Why inclusivity is essential to biometric authentication
The core idea isn’t just about championing voice biometrics but promoting the freedom to choose from various authentication methods. This is particularly vital for public services catering to a diverse crowd with different needs, whether in bustling cities or remote rural areas.
The key is inclusivity. The aim is to have a system where those who are uncomfortable sharing facial data or those without internet access can still authenticate their identity effortlessly. Voice might be preferred for some, but options should be plentiful — no one should feel cornered into a single method.
It’s also crucial to maintain the traditional route of in-person verification. For instance, if someone prefers to walk into a bank for transactions, that choice should be preserved. People’s needs and circumstances change; authentication methods must be flexible enough to adapt to these changes.
Ultimately, it’s about giving people the power to choose how they wish to verify their identity. This aligns well with the UK government’s vision for an inclusive digital future where no one is left behind.
Key factors in adopting biometric authentication solutions
When adopting biometric technology, organizations face unique challenges that require thoughtful planning and selection of biometrics providers. A primary consideration should be the provider’s range of biometric methods. Opting for a single provider capable of multiple verification methods streamlines the authentication process and serves the varied needs of a diverse population, from urbanites to rural dwellers.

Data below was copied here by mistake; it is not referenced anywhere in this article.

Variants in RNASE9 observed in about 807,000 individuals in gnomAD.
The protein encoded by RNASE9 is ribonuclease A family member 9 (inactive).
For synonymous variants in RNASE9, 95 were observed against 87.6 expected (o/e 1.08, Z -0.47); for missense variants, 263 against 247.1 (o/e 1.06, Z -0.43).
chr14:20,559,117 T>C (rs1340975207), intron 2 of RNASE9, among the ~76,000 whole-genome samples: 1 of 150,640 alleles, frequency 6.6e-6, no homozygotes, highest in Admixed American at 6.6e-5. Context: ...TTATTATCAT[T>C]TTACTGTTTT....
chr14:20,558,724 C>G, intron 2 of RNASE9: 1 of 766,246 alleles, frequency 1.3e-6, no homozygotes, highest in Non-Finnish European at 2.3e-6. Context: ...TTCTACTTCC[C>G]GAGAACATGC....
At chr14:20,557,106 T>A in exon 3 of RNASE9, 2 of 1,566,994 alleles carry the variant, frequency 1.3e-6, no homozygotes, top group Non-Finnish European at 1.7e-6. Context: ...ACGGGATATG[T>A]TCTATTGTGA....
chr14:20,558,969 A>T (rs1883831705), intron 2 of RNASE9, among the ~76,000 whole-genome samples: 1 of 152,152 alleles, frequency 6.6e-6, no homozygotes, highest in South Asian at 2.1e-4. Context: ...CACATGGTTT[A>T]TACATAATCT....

User experience is another crucial factor. The ideal system should be user-friendly for everyone, whether digital natives or older adults who may not be as tech-savvy. A seamless experience across all demographics ensures higher adoption rates and overall satisfaction.
Furthermore, credibility matters. Organizations should prioritize providers who have undergone rigorous evaluations by independent external bodies. For instance, NIST in the United States provides valuable assessments of biometric technologies. By considering these factors, organizations can build a more robust and inclusive biometric authentication system.
As organizations navigate the best practices for biometric authentication, they must understand that the focus should be on including every user. The aim of biometrics should be to simplify the verification process. While there are different biometric authentication means, the discussion’s essence isn’t just about choosing one method over another. It’s about ensuring inclusivity, flexibility and choice in authentication methods, aligning with a vision of an inclusive digital future.
About the author
Sabrina Gross is Regional Director of Strategic Partners at Veridas.
DISCLAIMER: Biometric Update’s Industry Insights are submitted content. The views expressed in this post are that of the author, and don’t necessarily reflect the views of Biometric Update.